Transforming Wisconsin

I’m frustrated.

Wisconsin faces an economic transformation with many promising opportunities. Still, many of our business leaders remain locked-in on outdated workforce approaches that fail to recognize the changes taking place. We are on the threshold of the most significant transformation our generation has seen, but moving much too slowly to take advantage of it.

We have an opportunity to improve our state in a way we will never see again, pushed by a Body Gap that will force all organizations to change…or disappear! We’re stuck using historical approaches in a transformational environment. The path to create a bright future is wide and clear, but we’re missing it because we insist on taking the path through the old-growth woods.

The numbers show us that every organization will struggle to find workers for the foreseeable future. Manpower Group projects that the Wisconsin workforce will grow by only 0.4% between now and 2040. That’s a net increase of just 15,000 workers during that time (after accounting for 76,000 retirements every year). You can see the front edge of the Body Gap with the state’s unemployment rate at 2.7%. Only one county (out of 72) is above 5% unemployment and only six are above 4%. In fact, 47 counties are below 3%. By anyone’s definition, we are at full employment.

This has huge implications for future growth, as the mathematical formula is very simple: Workforce growth plus productivity growth equals economic growth. Productivity growth requires change and investment – a time consuming process. Full employment means that almost all the traditional workers are engaged. In this situation, it’s in all our best interests to engage non-traditional workers, as every organization’s growth depends on finding a reliable source of new talent.

Conventional approaches are not enough in this environment. In order to thrive, your organization needs a transformational narrative about three facets of your talent strategy. The first facet is branding your organization and having a good story to tell about why someone should work for your company. Second, you must understand how to engage the three Ts – Talent, Technology, and Techniques. Finally, you must understand how to tap into non-traditional labor forces. Narratives are key for future growth and these stories must be fresh – not reruns!

Branding narratives mean telling a distinctive story about why talented people should work for your organization. It starts with a clear explanation about your business and business philosophy, and how employees fit into your vision. This first step is where most companies stop, yet it’s not nearly enough. Two more elements complete the picture. First, show employees how they can make a real difference both inside and outside your organization. Second, provide opportunities for employees to reach their full potential. These three elements must form a distinctive narrative; not some “Mom and apple pie” pabulum. Do it right and you are positioned to secure an unfair share of the best talent.

The future also depends on engaging all of the three Ts: Talent, Technology, and Techniques. The Body Gap makes it critical to develop an integrated approach to these elements. Engage your talent. Remember the narrative. Find the technology that fits your future. It should create the foundation to fulfill your comprehensive narrative. Finally, use Talent and Technology with new Techniques to maximum advantage. Please don’t repave the cow path. Use this combination to transform your operation.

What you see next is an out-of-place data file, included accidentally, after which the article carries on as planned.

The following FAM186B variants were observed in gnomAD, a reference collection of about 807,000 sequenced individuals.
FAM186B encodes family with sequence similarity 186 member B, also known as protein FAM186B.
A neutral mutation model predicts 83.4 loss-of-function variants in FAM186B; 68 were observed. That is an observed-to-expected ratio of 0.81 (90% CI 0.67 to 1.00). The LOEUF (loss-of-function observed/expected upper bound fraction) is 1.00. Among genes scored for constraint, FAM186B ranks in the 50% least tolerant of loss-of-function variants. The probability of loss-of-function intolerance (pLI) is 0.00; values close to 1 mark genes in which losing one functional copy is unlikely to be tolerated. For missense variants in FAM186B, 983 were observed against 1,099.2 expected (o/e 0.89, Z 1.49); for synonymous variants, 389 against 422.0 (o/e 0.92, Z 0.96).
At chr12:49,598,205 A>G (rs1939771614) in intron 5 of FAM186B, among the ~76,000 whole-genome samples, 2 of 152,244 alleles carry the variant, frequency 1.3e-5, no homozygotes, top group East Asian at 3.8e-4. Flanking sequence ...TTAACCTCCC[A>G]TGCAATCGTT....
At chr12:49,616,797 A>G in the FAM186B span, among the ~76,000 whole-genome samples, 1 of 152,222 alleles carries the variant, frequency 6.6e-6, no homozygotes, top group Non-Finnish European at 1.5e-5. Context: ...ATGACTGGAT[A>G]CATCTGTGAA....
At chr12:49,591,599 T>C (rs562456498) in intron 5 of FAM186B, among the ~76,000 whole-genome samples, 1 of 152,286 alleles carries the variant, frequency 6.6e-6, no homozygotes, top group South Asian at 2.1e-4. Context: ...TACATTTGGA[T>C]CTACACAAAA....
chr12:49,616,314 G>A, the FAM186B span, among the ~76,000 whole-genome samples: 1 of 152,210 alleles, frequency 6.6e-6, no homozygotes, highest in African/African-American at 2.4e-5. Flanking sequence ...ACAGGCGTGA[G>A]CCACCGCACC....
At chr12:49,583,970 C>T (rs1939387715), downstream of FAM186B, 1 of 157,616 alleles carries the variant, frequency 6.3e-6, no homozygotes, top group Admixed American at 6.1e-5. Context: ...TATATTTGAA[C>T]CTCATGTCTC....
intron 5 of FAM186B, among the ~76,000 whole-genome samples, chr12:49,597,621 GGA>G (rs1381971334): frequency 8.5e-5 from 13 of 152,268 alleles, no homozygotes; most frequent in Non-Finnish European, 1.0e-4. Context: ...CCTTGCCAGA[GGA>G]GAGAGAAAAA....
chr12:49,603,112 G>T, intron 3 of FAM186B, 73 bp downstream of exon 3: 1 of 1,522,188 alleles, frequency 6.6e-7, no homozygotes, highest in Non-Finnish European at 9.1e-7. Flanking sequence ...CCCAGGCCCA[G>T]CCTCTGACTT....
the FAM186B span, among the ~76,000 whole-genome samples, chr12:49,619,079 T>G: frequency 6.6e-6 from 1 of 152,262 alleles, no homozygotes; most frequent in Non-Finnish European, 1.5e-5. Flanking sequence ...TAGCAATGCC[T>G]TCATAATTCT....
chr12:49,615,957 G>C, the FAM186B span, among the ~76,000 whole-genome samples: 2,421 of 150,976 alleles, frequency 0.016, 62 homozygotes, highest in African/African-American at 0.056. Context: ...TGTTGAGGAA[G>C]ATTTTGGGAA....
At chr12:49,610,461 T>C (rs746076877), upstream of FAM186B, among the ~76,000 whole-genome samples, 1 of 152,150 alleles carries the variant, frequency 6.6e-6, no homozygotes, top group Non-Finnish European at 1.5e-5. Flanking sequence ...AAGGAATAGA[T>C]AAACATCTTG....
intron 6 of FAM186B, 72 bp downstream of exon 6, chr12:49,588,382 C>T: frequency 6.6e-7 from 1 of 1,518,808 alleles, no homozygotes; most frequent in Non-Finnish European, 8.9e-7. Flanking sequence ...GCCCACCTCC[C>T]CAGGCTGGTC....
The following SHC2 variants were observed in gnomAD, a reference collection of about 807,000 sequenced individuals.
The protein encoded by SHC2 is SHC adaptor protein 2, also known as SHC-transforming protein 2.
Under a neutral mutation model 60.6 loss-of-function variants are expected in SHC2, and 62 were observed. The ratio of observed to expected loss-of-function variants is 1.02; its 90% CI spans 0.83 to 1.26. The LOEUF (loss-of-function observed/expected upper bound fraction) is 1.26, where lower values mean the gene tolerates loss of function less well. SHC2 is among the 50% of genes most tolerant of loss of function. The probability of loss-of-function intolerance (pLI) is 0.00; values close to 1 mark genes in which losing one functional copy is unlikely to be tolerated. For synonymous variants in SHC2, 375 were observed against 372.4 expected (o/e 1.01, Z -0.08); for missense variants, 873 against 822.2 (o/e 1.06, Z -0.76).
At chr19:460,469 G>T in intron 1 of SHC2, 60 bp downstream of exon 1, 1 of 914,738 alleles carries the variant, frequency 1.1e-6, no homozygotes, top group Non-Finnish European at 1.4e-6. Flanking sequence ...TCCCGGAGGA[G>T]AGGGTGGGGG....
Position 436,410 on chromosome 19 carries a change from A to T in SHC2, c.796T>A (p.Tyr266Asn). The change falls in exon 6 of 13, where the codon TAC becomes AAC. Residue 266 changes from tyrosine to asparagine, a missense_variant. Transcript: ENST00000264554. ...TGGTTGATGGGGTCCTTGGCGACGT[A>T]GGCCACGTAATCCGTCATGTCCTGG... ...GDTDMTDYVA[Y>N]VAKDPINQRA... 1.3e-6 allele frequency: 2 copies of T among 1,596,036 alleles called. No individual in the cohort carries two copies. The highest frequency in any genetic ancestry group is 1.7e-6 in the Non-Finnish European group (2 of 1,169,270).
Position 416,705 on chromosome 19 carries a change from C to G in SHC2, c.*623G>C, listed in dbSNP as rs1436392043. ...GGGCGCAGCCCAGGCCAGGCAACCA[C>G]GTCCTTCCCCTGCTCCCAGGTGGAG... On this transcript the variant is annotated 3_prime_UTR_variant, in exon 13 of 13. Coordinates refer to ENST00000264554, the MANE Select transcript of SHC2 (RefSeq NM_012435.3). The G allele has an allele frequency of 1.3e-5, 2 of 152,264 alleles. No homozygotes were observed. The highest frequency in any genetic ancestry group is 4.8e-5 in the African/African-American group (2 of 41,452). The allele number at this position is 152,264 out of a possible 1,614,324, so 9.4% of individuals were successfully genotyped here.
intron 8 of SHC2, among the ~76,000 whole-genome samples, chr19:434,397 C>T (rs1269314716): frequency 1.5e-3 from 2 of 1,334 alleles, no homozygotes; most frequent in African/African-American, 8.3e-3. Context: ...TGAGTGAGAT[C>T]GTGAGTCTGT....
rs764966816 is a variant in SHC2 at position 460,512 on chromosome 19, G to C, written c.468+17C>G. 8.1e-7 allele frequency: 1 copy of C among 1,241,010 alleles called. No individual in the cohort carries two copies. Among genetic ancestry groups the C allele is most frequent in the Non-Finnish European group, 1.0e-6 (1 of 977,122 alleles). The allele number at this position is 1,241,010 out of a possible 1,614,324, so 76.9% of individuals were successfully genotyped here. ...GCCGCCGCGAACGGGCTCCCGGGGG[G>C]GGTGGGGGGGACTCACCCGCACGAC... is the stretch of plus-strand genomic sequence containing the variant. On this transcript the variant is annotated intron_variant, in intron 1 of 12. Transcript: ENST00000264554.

Supplement these advantages by creating a new talent pipeline that engages non-traditional workers. It’s amazing to me how locked-in companies are on recruiting efforts with diminishing returns. They continue to refine and intensify historical talent approaches. It’s like trying to get more juice from a dry orange by squeezing harder. It baffles me why these organizations return to the same sources time and time again when they know where large pools of non-traditional employees exist. These companies seem to operate with a paradigm that says it’s not their job to invest in these workers. This makes no sense when there’s a possibility to develop a reliable, new talent pipeline.

Here are two quick recent examples of approaches to this talent pool. Employ Milwaukee taps into the population of recently released prisoners. They use the Department of Corrections’ assessments to target people with the best potential. Once identified, Employ Milwaukee provides the training and connections to build new careers. They provide a steady talent source for companies willing to invest in and catalyze these new efforts.

I also ran into an example that demonstrates ongoing lock-in. That company uses a traditional recruiting approach and wound up with a core group of immigrant employees speaking limited English. All of them are reliable, effective employees for a solid company. The company knows they can create a new talent pipeline by tapping into this community, but language is an issue. Company leaders encountered some equal treatment issues when they invested in language classes for these employees. Rather than finding a solution and pushing through this obstacle, they are choking off this talent source by reinforcing a locked-in approach.

The future we face demands creative workforce approaches. Our ecosystem is going through transformational change and our organizations must transform as well. Lock-in to traditional approaches prevents us from growing in the face of pervasive talent challenges. We have an opportunity to transform our state for future generations. That requires all of us to open our minds, release old paradigms, and engage in new efforts to make the most of what we’ve been given.

Are you up to the challenge?

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